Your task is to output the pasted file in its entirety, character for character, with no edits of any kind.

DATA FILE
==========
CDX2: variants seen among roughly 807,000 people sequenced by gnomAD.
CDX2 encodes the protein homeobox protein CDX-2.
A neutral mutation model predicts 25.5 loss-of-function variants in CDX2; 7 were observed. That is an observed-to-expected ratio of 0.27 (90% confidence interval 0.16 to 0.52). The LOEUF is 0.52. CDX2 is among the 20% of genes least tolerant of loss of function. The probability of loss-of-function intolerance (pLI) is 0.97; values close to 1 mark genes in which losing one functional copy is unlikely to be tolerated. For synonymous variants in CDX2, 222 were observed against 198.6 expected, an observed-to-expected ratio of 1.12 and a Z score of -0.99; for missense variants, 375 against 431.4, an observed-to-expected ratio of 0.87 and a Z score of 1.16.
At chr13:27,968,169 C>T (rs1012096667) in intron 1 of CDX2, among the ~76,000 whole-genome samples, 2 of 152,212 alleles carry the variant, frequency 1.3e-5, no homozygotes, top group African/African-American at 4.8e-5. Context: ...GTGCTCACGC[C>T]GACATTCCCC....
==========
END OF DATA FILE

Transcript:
CDX2: variants seen among roughly 807,000 people sequenced by gnomAD.
CDX2 encodes the protein homeobox protein CDX-2.
A neutral mutation model predicts 25.5 loss-of-function variants in CDX2; 7 were observed. That is an observed-to-expected ratio of 0.27 (90% confidence interval 0.16 to 0.52). The LOEUF is 0.52. CDX2 is among the 20% of genes least tolerant of loss of function. The probability of loss-of-function intolerance (pLI) is 0.97; values close to 1 mark genes in which losing one functional copy is unlikely to be tolerated. For synonymous variants in CDX2, 222 were observed against 198.6 expected, an observed-to-expected ratio of 1.12 and a Z score of -0.99; for missense variants, 375 against 431.4, an observed-to-expected ratio of 0.87 and a Z score of 1.16.
At chr13:27,968,169 C>T (rs1012096667) in intron 1 of CDX2, among the ~76,000 whole-genome samples, 2 of 152,212 alleles carry the variant, frequency 1.3e-5, no homozygotes, top group African/African-American at 4.8e-5. Context: ...GTGCTCACGC[C>T]GACATTCCCC....